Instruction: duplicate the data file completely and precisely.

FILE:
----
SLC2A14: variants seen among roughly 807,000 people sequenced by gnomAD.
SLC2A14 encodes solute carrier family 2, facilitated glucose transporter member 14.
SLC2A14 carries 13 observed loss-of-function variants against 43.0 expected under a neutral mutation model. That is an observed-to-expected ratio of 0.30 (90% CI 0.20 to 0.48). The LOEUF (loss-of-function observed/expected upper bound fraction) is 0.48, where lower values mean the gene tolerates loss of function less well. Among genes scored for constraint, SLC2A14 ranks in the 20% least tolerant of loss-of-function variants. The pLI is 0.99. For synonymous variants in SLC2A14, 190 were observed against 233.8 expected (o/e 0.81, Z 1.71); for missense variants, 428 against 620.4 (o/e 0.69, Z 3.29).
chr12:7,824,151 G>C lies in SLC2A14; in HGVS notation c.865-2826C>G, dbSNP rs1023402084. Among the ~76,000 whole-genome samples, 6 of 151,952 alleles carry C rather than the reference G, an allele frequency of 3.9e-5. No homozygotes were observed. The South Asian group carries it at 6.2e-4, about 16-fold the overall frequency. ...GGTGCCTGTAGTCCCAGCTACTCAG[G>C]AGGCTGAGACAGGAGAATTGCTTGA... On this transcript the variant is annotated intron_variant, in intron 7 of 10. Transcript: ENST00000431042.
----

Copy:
SLC2A14: variants seen among roughly 807,000 people sequenced by gnomAD.
SLC2A14 encodes solute carrier family 2, facilitated glucose transporter member 14.
SLC2A14 carries 13 observed loss-of-function variants against 43.0 expected under a neutral mutation model. That is an observed-to-expected ratio of 0.30 (90% CI 0.20 to 0.48). The LOEUF (loss-of-function observed/expected upper bound fraction) is 0.48, where lower values mean the gene tolerates loss of function less well. Among genes scored for constraint, SLC2A14 ranks in the 20% least tolerant of loss-of-function variants. The pLI is 0.99. For synonymous variants in SLC2A14, 190 were observed against 233.8 expected (o/e 0.81, Z 1.71); for missense variants, 428 against 620.4 (o/e 0.69, Z 3.29).
chr12:7,824,151 G>C lies in SLC2A14; in HGVS notation c.865-2826C>G, dbSNP rs1023402084. Among the ~76,000 whole-genome samples, 6 of 151,952 alleles carry C rather than the reference G, an allele frequency of 3.9e-5. No homozygotes were observed. The South Asian group carries it at 6.2e-4, about 16-fold the overall frequency. ...GGTGCCTGTAGTCCCAGCTACTCAG[G>C]AGGCTGAGACAGGAGAATTGCTTGA... On this transcript the variant is annotated intron_variant, in intron 7 of 10. Transcript: ENST00000431042.